Few proposal writing resources are geared specifically to individual grantseekers. Foundations that give to individuals have highly specific criteria, and this makes it hard to create a comprehensive "how-to" guide.
If you don't qualify, don't apply
Remember one important rule of thumb: If you don't qualify, don't apply. Approach only foundations that have demonstrated interest in your field and geographic area. This will increase the likelihood that a funder will consider your proposal.
Foundation Grants to Individuals Online, our searchable database of grantmakers to individuals, can help you identify potential funders. It is available by subscription or for free at our 400+ Funding Information Network locations.
Parts of a grant proposal
Your proposal should be a compelling presentation of your project, which includes reasonable objectives, a plan to achieve them, and your ability to carry out the plan. Your proposal should suggest that you are a potential partner in furthering the funder's mission, not just a person asking for money.
Proposals from individuals usually do not exceed five single-spaced pages, in addition to the cover letter and the budget. Below is a typical breakdown:
Cover Letter: Written specifically to the appropriate contact person at the foundation. 1 page.
Abstract (also known as executive summary): Describes concisely the information that will follow. 250 words or fewer.
Introduction: Helps to establish your credibility as a grant applicant. 1 sentence to 2 paragraphs.
Statement of Need: Describes a problem and explains why you require a grant to address the issue. 1 page.
Objectives: Refine your idea and tell exactly what you expect to accomplish in response to the need. 1 page.
Methods: What you will do to accomplish your objectives within a stated time frame. 1 page.
Evaluation: Measures your results and effectiveness. This should correspond to your objectives. 1 page.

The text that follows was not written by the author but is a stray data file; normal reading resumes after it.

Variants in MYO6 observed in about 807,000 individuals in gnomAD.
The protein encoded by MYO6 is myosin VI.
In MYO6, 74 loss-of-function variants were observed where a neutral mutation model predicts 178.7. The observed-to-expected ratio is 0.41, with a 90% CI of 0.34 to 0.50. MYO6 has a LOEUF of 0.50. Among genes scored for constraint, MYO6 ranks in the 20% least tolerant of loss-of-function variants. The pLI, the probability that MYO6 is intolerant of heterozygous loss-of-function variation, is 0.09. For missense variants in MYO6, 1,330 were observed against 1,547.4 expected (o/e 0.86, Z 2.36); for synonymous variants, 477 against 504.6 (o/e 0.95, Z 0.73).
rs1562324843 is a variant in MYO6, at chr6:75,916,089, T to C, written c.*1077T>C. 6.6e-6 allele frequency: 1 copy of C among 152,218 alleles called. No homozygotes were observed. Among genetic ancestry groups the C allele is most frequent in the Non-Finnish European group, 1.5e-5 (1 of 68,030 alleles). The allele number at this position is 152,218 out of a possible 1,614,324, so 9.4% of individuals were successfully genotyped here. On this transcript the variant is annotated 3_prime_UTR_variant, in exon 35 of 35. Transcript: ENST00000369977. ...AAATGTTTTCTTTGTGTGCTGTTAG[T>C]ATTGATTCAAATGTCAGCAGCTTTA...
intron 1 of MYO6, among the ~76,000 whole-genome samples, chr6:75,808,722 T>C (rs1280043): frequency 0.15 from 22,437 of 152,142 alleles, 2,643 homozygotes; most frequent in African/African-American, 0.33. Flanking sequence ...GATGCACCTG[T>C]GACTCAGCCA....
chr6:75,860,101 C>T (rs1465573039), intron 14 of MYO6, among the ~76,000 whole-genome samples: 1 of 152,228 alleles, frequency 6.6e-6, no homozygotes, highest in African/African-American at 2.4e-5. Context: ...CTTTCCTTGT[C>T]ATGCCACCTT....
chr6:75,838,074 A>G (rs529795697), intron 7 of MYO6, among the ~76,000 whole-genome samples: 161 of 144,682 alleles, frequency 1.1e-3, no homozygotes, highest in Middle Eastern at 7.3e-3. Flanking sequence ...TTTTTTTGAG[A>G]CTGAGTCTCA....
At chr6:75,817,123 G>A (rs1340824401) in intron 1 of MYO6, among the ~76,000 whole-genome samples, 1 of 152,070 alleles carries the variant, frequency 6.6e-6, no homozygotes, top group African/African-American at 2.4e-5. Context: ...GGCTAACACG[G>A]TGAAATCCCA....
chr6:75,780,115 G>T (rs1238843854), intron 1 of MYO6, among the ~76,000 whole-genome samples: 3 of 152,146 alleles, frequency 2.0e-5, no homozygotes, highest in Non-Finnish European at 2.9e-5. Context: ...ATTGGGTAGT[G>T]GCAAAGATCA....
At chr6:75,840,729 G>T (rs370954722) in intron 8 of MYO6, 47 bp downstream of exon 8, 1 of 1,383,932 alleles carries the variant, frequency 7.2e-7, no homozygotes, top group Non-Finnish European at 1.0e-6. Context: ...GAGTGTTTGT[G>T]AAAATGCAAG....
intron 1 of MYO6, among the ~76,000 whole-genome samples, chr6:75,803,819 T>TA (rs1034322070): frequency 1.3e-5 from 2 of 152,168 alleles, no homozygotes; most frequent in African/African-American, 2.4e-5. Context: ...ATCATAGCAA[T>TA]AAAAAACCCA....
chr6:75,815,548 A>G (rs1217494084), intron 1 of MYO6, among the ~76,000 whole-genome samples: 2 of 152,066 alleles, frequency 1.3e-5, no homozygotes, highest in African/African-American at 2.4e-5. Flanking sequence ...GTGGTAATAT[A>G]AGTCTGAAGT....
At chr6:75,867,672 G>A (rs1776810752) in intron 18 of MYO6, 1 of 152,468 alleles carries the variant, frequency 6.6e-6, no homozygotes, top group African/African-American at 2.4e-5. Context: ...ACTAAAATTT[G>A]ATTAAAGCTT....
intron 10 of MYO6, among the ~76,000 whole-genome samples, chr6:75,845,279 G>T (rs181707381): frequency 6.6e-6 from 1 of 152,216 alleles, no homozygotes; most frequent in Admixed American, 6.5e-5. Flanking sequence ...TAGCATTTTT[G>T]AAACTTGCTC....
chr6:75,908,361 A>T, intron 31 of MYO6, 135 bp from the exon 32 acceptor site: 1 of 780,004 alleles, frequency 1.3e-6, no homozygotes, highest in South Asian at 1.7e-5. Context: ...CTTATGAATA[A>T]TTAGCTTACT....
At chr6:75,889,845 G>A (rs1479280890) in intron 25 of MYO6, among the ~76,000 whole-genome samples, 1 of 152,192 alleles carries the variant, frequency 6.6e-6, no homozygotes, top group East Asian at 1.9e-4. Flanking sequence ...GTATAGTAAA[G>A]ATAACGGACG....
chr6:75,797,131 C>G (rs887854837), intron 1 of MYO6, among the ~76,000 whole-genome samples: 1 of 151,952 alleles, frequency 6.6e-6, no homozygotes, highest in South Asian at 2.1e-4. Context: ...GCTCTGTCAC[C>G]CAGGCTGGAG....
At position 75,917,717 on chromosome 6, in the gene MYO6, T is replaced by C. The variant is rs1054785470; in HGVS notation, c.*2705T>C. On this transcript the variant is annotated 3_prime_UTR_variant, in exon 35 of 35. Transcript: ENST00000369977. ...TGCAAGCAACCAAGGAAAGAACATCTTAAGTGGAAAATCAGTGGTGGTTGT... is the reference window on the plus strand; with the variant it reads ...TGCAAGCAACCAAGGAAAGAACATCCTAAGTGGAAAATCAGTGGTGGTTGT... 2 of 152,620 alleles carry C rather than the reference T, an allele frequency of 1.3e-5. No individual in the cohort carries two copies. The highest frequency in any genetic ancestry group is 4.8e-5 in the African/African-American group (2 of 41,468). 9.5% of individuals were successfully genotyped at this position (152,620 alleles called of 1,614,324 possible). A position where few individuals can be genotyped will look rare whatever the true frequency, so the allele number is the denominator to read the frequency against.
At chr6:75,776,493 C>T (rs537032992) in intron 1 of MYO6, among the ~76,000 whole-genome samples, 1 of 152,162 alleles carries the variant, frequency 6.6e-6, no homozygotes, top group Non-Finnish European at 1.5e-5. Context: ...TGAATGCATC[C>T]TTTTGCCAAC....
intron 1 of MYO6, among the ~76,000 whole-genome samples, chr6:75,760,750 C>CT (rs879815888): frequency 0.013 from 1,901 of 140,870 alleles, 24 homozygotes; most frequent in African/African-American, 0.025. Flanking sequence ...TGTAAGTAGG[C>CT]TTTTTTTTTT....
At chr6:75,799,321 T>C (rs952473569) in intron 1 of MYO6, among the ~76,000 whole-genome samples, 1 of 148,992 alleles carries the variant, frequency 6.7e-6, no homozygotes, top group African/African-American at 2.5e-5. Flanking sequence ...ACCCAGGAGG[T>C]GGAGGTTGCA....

Future Funding: Details feasible plans to sustain your project. This applies only if the project will run indefinitely. 1 paragraph.
Budget: Itemized list of income and expenses that shows precisely how much money you will need and how you will spend it to accomplish your objectives. 1 page.
To learn more about how to prepare each section listed above, and how to write proposals in general, check out the following resources. Although they are written for nonprofit organizations, much of the content can be applied to individual grantseekers:
- Introduction to Proposal Writing, available free as an online webinar or in-person class.
- Proposal Writing: Browse trainings, articles, videos, podcasts, and more on this topic.
See also "Document Checklist for Grant Proposals", a 3-part blog post series that covers the many types of documents often needed during this process.
Sample grant proposals for individual projects are hard to find. Applicants want to guard their ideas, and a proposal is very specific to the project and donor.
Sample proposals from nonprofit organizations might help, in terms of how to write the sections required from both individual and nonprofit grantseekers, like the statement of need. Also, some resources below link to sample proposals from individual grantseekers.